Cathlamet crops up in the journals of Lewis and Clark as a Chinook town on the Columbia.
Today there is still a Cathlamet - whether in the same place, I couldn't tell ya - on the Washington side.
It looks like Oregon: small wooden houses with leaded windows, from the '30s. This despite the lack of zoning laws, which says a lot about the people of Cathlamet. There are no stoplights in the entire county. There are a lot of lawn ornaments, cast deer predominating.
There is an old hotel, with the lobby on the second floor, whose proprietors took time to shmooze with us. All the people we met are down-to-earth folks who work for the county and fish.
"Would you ever live outside this county?" one of them once asked a young lady of his acquaintance.
"No," she said.
"Will you marry me?" he asked, then. (She said yes.)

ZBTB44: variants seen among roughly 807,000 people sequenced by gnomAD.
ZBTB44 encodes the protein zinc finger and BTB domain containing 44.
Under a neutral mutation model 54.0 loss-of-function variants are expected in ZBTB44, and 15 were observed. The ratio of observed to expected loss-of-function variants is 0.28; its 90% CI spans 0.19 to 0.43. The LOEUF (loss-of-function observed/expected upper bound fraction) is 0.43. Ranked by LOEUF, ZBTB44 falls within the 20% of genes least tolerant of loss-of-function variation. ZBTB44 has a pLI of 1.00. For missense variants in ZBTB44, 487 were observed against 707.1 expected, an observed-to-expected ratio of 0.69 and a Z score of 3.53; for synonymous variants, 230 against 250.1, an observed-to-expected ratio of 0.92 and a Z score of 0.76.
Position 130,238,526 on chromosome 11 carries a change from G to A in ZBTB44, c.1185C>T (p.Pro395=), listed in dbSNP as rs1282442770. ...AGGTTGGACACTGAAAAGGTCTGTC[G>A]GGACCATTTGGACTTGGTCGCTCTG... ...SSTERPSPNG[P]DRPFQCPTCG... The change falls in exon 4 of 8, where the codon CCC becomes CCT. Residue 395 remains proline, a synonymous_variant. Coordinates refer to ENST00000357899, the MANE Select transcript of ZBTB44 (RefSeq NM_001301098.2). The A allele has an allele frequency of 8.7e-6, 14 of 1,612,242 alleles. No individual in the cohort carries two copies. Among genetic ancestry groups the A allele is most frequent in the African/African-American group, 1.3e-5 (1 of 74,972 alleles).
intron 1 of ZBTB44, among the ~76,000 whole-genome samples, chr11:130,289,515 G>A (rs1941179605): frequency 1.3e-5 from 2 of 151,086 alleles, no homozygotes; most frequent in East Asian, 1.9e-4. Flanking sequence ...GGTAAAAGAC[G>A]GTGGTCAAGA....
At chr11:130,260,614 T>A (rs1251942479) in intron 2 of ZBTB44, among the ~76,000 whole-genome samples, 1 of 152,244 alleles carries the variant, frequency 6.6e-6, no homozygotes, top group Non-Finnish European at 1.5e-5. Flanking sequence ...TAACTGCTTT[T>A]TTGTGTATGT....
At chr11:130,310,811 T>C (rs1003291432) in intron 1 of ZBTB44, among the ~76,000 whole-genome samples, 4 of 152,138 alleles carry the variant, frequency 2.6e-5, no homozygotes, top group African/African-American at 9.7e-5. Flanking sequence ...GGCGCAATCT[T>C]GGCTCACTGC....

Out in the river lies the island half of Cathlamet, Puget Island; and that looks like Washington: massive houses on large lawns, alternating with fields of Holsteins.
The fields are very green, the hills very blue, the sky very grey: the entire county is executed in watercolor.
As always, clicking on pictures will enlarge them.
Raise your hand if you transposed two letters in the name of the boat in the foreground.
I forgot about this local variation on the police car.
This house is pretty typical of the entire mainland Cathlamet.
Doesn't this look like a saloon? --The upper floors are abandoned.
The siding is asbestos.